Home  »  Volume XI: English THE PERIOD OF THE FRENCH REVOLUTION  »  § 11. Thomas Paine: The Rights of Man; The Age of Reason

The Cambridge History of English and American Literature in 18 Volumes (1907–21).
Volume XI. The Period of the French Revolution.

II. Political Writers and Speakers

§ 11. Thomas Paine: The Rights of Man; The Age of Reason

From Godwin, who, in his worst days, kept round him a tattered cloak of magnanimity, it is an abrupt change to his fellow-revolutionary, the coarse-grained, shrewd Thomas Paine. Yet, the latter had virtues which were missing in his contemporary. His public spirit led him to disregard all profit from political works which had a large sale; he was not a beggar, and the rewards he was forced to ask from the American governments were the barest payments on account of admitted services to the United States. In fact, he was a born pamphleteer, never happy unless he was divulging his opinions for the welfare of the human race as he conceived it. Dogmatic and narrow-minded, he was not a man to be troubled by doubts: the meaning of history, the best form of government, right and wrong, falsehood and truth, all seemed quite plain to him, and he had no more hesitation than Godwin in making a working model of the universe, as he did of the iron bridge by him invented. It was not till he was well advanced in middle life that he obtained an opportunity of showing his great talents. He was the son of a poor Norfolk Quaker, and spent all his earlier years in the struggle to make a decent livelihood. In turn, a staymaker, a seaman, a school-usher, a tobacconist and an exciseman, he moved from place to place, until he was finally dismissed from the excise in 1774, and, in the same year, emigrated to Philadelphia. There, he almost immediately edited The Pennsylvania Magazine, and proved at once his literary talent and the advanced character of his opinions by attacking slavery and advocating American independence. In 1776, he became famous by his pamphlet, Common-Sense, which he, at least, looked on as the principal instrument in consolidating American opinion in favour of war. Having gained the public ear, he continued the work of encouraging resistance to English rule by two series of effective pamphlets, called The Crisis, and was soon recognised as the leading writer of his new country, while, with characteristic versatility, he also served as a soldier, as secretary to the congress’s foreign committee and as clerk to the Pennsylvania assembly. Peace brought him moderate rewards and a retirement which he could not endure. He returned to England to prosecute his mechanical inventions, the fruit of his leisure hours, and soon became involved anew in politics. The French revolution proved a fresh turning-point in his career. In 1791–2, he took up the cudgels against Burke in the two parts of The Rights of Man. The ability, and, still more, the wide circulation, of these tracts brought him in danger of arrest, and he fled to France, where he became a member of Convention, and, after all but falling a victim to the guillotine, was a founder of the new sect of theophilanthropists. Then he dropped into obscurity and, in 1802, went once more to America, only to find that his Age of Reason, published in 1794–5, had alienated from him almost all his friends. A thick crop of slanders grew up round him, without, apparently, any foundation save the fact that he was occasionally drunk. Still, he kept a bold front to the world, and continued to write pamphlets almost till his death in 1809.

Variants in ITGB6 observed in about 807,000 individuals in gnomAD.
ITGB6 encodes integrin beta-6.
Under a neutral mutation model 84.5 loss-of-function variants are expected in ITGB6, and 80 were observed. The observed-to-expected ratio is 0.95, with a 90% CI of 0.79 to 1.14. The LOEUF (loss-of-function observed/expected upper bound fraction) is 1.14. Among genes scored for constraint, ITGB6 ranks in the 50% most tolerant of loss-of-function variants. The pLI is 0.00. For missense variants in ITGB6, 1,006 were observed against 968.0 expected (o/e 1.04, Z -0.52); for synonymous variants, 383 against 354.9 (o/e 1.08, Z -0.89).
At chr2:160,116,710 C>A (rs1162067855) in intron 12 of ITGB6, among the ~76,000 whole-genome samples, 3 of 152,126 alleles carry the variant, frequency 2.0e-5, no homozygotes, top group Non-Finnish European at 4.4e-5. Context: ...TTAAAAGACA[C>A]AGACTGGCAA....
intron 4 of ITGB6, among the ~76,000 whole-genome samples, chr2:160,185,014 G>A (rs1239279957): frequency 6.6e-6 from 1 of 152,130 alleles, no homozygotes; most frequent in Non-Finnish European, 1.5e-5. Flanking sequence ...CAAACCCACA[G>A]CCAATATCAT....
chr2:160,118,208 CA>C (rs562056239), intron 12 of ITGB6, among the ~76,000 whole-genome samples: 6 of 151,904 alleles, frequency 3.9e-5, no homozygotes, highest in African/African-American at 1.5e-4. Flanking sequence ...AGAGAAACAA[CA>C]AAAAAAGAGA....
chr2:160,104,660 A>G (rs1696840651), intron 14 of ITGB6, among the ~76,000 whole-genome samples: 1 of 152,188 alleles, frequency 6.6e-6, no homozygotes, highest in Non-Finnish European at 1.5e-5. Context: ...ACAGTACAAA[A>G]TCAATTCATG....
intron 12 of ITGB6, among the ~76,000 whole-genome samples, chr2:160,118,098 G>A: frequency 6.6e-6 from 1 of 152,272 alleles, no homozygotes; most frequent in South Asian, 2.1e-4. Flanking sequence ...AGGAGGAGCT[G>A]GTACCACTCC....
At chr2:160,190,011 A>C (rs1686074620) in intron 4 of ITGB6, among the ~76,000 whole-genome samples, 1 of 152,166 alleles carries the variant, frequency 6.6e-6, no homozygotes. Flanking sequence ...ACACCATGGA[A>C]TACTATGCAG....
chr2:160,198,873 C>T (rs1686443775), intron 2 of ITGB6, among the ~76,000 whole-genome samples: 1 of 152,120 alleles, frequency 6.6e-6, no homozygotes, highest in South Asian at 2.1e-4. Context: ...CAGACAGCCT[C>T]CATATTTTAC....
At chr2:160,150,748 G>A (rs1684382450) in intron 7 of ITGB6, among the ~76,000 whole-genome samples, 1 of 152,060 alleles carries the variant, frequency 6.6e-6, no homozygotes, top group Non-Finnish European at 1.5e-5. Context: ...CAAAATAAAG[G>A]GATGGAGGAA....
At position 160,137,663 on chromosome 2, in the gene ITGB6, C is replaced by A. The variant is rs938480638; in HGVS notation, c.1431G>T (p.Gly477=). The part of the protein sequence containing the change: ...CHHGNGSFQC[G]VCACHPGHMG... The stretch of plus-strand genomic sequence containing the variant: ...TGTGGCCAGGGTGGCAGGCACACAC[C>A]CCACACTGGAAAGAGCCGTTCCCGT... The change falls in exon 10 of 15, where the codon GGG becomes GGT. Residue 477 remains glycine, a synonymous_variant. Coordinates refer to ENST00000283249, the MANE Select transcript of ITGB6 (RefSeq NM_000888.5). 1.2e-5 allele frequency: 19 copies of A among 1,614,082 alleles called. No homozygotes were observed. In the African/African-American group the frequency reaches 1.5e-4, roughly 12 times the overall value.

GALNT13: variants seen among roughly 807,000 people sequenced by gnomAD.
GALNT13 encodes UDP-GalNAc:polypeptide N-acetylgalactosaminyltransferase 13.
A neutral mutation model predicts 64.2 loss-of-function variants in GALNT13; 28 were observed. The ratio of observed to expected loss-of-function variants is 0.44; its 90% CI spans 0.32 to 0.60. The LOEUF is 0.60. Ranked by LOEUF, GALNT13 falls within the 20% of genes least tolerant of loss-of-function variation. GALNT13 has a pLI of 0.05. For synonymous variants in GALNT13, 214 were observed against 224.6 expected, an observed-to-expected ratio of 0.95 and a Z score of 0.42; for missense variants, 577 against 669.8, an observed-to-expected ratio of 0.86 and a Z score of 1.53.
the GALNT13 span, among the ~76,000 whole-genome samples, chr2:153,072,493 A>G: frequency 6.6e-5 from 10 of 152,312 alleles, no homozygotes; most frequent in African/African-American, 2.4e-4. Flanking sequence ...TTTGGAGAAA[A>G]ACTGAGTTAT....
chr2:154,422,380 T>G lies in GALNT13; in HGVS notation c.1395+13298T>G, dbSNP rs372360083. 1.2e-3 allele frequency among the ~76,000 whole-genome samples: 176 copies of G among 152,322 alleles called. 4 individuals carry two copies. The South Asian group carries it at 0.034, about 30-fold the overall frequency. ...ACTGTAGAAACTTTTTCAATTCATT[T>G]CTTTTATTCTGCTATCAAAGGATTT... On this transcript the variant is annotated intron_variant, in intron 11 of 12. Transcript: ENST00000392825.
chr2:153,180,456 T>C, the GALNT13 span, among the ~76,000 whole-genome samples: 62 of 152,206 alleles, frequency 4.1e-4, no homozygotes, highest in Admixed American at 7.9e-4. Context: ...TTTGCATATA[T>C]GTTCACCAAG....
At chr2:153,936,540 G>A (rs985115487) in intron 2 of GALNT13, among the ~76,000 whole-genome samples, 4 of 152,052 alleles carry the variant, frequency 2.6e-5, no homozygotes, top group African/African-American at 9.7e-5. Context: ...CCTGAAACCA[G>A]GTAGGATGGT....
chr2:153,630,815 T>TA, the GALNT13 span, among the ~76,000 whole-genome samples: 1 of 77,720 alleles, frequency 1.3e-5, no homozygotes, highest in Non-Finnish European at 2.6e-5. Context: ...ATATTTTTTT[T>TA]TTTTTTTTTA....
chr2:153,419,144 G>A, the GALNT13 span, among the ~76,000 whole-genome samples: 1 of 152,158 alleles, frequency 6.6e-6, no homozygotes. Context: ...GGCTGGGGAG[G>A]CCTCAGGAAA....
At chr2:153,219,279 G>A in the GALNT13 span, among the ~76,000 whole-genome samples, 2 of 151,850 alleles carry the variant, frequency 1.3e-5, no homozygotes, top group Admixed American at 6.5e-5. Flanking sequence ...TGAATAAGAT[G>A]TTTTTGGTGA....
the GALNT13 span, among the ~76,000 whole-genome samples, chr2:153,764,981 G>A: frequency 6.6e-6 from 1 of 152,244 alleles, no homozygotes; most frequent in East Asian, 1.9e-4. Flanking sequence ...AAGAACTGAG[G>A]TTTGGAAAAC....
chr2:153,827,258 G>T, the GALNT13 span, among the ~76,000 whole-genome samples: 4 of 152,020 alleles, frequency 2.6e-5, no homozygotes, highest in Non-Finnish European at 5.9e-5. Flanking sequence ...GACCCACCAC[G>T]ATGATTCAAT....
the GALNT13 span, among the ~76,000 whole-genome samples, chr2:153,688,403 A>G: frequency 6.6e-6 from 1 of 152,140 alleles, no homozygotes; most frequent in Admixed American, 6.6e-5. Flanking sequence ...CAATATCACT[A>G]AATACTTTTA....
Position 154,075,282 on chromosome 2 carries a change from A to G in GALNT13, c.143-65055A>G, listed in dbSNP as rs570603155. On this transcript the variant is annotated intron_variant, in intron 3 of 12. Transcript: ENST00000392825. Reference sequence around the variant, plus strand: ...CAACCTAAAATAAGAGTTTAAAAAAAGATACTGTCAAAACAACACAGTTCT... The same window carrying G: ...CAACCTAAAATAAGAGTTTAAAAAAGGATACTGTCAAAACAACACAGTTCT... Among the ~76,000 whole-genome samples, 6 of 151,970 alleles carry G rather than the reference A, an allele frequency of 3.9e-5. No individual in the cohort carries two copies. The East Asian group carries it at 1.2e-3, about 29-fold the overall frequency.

Paine was a prince of pamphleteers and all his literary talent seems confined to that end. His general ideas were of the simplest, not to say the shallowest; but he grasped them firmly and worked them out with a clear and ready logic. His immense ignorance of history and literature was by no means ill compensated by an intimate knowledge of actual affairs; and his shrewdness made him a formidable critic even of Burke. His style was always clear, and, a little rhetoric apart, unaffected. Quite without charm as it was, his warmth and force and command of appropriate words made it more than passable. Every now and then, he falls into sheer vulgarity which is most noticeable in his theological writings; but, more usually, he can alternate a mediocre eloquence with trenchant argumentative composition. So far as copying the written word was concerned, Paine was quite original; but, doubtless, he owed much to the debates and casual conversations in which he took part. In The Rights of Man, he appears as a narrow doctrinaire; he takes over the theory of the social contract as the basis for his constructive views, and justifies revolution, partly on the ground that no generation can bind its successors, and partly by the argument that the social contract must be embodied in a formal constitution: where such did not exist, a mere tyranny prevailed, which had no basis in right. He was thus, like Godwin, entirely opposed to Burke’s doctrine of prescription. To criticise the faults of the existing state of things was easy and obvious; but Paine expounded, also, a radical constructive policy including parliamentary reform, old age pensions and a progressive income-tax. With these and other changes, he looked forward to a broadcloth millennium. The Age of Reason showed all Paine’s qualities and an unusual abundance of his defects. His want of taste and the almost complete absence in him of any sense of beauty or grandeur are as conspicuous as his narrow self-complacency. But his reasoning, however limited in scope, was shrewd enough. Generally speaking, he combined a rough historical criticism of the Bible with the argument that the Jewish and Christian conceptions of the Deity were incompatible with the deism revealed to man by external nature and by his own conscience. In this way, the truculent pamphleteer seems to stand near one of the sources of modern theology.